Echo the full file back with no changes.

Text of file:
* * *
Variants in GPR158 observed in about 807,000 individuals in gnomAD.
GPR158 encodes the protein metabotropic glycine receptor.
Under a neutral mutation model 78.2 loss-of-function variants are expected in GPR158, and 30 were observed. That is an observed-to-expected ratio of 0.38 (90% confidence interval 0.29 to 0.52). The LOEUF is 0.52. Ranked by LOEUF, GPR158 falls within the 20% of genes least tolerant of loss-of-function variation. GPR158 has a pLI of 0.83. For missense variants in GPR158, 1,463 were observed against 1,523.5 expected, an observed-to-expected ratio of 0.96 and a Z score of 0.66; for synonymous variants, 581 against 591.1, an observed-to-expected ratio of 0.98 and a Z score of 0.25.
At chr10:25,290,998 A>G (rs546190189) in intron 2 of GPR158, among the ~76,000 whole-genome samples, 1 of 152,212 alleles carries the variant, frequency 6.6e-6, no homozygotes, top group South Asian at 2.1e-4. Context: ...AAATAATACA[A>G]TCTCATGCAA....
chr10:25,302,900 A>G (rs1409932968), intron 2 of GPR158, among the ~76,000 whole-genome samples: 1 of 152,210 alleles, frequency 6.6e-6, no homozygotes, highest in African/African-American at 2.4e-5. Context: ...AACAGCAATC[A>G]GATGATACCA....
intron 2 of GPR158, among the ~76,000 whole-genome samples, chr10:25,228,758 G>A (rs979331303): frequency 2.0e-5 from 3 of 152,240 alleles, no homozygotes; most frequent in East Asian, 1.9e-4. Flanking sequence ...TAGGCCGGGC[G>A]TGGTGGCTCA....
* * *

Variants in GPR158 observed in about 807,000 individuals in gnomAD.
GPR158 encodes the protein metabotropic glycine receptor.
Under a neutral mutation model 78.2 loss-of-function variants are expected in GPR158, and 30 were observed. That is an observed-to-expected ratio of 0.38 (90% confidence interval 0.29 to 0.52). The LOEUF is 0.52. Ranked by LOEUF, GPR158 falls within the 20% of genes least tolerant of loss-of-function variation. GPR158 has a pLI of 0.83. For missense variants in GPR158, 1,463 were observed against 1,523.5 expected, an observed-to-expected ratio of 0.96 and a Z score of 0.66; for synonymous variants, 581 against 591.1, an observed-to-expected ratio of 0.98 and a Z score of 0.25.
At chr10:25,290,998 A>G (rs546190189) in intron 2 of GPR158, among the ~76,000 whole-genome samples, 1 of 152,212 alleles carries the variant, frequency 6.6e-6, no homozygotes, top group South Asian at 2.1e-4. Context: ...AAATAATACA[A>G]TCTCATGCAA....
chr10:25,302,900 A>G (rs1409932968), intron 2 of GPR158, among the ~76,000 whole-genome samples: 1 of 152,210 alleles, frequency 6.6e-6, no homozygotes, highest in African/African-American at 2.4e-5. Context: ...AACAGCAATC[A>G]GATGATACCA....
intron 2 of GPR158, among the ~76,000 whole-genome samples, chr10:25,228,758 G>A (rs979331303): frequency 2.0e-5 from 3 of 152,240 alleles, no homozygotes; most frequent in East Asian, 1.9e-4. Flanking sequence ...TAGGCCGGGC[G>A]TGGTGGCTCA....